Published: Dec. 20, 2022

New research finds consumers go cheap when they search for meaning. How does that affect marketing?​ ​​

A young woman sits in a chair in a mall, looking exhausted, surrounded by small shopping bags.

Feeling buyer’s remorse as the credit card bills come in? It might have more to do with what you bought, as opposed to how much you spent. 

New research from Lawrence Williams indicates that, when consumers are shopping for something meaningful, they tend to do so on the cheap, rather than consider that the product or service they are buying could itself be a source of significance.

“You might think of a Rolex watch as an indulgence,” said Williams, a marketing expert at the Leeds School of Business. “But it could last in your family for years, and be the sort of thing that gets passed down through generations. There are other things you could do with the money for a Rolex, but you might rob yourself of an opportunity to own something that becomes part of yourself and your legacy—exactly the sort of thing we tend to think of as meaningful.” 

Headshot of Lawrence WilliamsWilliams and his co-author discovered that consumers, when looking at the difference between cheaper and more durable goods, tend to focus on what they could do with the money saved on the purchase—for instance, opt for a cheaper vacation, then donate the difference in cost to a charity or invest it in a child’s college fund.

“We started off expecting the opposite—people value meaning, so we expected to see people would want to spend more on things they think are meaningful,” Williams said. “But then all of the data—repeatedly, each study we did—came in and found the opposite.” 

The findings from his research are something marketing professionals are going to want to think carefully about. There seems to be a heightened sense of consumer skepticism around campaigns that make a play for meaning, so you’re adding a layer of complexity to your sales pitch.

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“As consumers, we have this prior intuition that the most meaningful things are the ones we don’t pay money for.”

Professor Lawrence Williams

“Usually in marketing, the challenge is convincing your buyer that the product adds value to your life,” Williams said. “With a meaningful purchase, you’re also saying this product adds meaning to your life—be that through aligning with your goals and being purposeful, or helping you connect with the people or things in your life that you've already determined are meaningful to you.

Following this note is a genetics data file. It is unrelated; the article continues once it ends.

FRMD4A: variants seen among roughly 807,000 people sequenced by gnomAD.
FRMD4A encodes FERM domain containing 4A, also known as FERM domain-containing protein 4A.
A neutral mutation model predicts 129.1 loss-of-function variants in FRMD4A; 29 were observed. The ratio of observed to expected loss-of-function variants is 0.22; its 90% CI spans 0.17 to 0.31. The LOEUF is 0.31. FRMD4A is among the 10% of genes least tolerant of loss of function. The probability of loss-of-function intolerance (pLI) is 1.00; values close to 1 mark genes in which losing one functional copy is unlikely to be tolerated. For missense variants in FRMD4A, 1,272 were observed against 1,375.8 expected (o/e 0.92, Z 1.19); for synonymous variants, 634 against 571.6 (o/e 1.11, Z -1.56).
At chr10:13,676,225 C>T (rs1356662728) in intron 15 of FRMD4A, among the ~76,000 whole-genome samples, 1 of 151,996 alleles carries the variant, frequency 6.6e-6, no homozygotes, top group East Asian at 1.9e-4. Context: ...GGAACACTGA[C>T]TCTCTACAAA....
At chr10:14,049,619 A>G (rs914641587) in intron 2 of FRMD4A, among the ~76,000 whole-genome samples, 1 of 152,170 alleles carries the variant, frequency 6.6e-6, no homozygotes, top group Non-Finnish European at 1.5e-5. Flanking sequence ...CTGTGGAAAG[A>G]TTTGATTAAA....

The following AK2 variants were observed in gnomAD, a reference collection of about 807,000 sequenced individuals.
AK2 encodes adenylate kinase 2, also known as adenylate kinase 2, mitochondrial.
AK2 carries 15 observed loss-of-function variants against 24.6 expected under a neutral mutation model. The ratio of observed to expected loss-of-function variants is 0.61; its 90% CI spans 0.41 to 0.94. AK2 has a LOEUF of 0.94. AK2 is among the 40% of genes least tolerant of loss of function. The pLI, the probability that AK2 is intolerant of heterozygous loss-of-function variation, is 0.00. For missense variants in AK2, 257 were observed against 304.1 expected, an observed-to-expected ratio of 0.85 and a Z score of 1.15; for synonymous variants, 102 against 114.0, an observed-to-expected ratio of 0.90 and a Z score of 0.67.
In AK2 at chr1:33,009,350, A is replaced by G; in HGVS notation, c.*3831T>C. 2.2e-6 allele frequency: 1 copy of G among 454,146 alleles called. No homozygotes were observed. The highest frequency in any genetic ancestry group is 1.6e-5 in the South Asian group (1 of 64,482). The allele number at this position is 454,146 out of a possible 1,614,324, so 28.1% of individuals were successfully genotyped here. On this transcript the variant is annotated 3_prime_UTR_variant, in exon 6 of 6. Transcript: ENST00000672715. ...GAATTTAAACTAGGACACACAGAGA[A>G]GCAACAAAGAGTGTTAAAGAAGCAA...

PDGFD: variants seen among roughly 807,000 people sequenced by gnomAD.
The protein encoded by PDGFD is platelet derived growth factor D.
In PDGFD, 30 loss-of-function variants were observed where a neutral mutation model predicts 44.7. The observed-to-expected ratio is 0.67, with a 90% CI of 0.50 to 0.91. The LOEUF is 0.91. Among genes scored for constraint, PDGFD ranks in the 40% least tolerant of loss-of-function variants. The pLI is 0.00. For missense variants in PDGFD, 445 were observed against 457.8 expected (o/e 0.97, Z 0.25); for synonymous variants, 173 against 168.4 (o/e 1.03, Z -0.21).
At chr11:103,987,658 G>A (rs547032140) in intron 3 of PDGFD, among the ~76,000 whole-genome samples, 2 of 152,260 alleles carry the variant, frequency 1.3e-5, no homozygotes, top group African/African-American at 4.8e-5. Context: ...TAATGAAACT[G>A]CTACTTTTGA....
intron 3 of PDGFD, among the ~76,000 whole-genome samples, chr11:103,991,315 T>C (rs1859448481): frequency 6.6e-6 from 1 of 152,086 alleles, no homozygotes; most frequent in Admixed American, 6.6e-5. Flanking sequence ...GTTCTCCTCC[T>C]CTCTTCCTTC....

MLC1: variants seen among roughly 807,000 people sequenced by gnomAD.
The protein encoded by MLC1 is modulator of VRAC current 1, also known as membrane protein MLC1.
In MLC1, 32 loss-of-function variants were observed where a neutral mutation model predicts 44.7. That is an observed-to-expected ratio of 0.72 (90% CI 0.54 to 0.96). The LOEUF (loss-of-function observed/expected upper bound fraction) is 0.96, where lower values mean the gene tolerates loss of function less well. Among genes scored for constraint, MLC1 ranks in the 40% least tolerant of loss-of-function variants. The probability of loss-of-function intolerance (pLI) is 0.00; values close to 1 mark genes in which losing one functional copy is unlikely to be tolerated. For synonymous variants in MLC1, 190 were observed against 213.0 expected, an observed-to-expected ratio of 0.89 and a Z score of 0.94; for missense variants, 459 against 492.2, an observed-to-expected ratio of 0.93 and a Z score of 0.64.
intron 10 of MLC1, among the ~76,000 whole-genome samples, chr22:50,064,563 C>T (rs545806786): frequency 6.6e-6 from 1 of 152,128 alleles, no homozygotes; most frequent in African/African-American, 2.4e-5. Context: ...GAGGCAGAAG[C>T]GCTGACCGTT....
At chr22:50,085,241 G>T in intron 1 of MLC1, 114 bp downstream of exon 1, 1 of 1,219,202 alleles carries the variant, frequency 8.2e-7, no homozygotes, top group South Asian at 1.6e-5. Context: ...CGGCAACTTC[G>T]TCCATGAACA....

“But as consumers, we have this prior intuition that the most meaningful things are the ones we don’t pay money for.”

Other costs of going cheap

Skewing cheap, unfortunately, comes with significant drawbacks, such as the climate impact of poorly made items, imported from afar, that don’t last—think fast fashion or cheap smartphones. But consumers are extremely price conscious, and it’s difficult to nudge them toward something more durable, or that might have more meaning, over a disposable alternative. 

“As a company, you really need to think about not just an awareness campaign, but a communication strategy designed to alter the way people are thinking about the products,” Williams said. “It’s more realistic, more persuasive, to highlight ways in which you can help people find meaning, as opposed to positioning a product as being meaningful on its own.”

Few brands have truly mastered this kind of authenticity, but Williams pointed out Apple and Coca-Cola—especially its holiday campaigns—as companies that focus on how their products help customers come together with family, document family traditions and so on. Patagonia is another one.

“For a long time, Patagonia’s messaging has been about repairing and reusing their products, as opposed to discarding them—which comes at a cost to their business,” he said. “It’s part of their brand, but also part of a story of how they help people do the things that are meaningful, while reflecting their concerns about conservation and the outdoors.”

For shoppers, meanwhile, the takeaway might be that less isn’t always more. 

“The time we put into thinking about the value of goods might be better spent thinking about how this product or experience can give us meaning,” Williams said. “So, maybe thinking less about how much you’re spending, or saving, and more about what you’re actually buying. 

“The Pursuit of Meaning and the Preference for Less Expensive Options” was published in the Journal of Consumer Research. The paper was co-authored by Williams and Nicole Mead, of the Schulich School of Business at York University.

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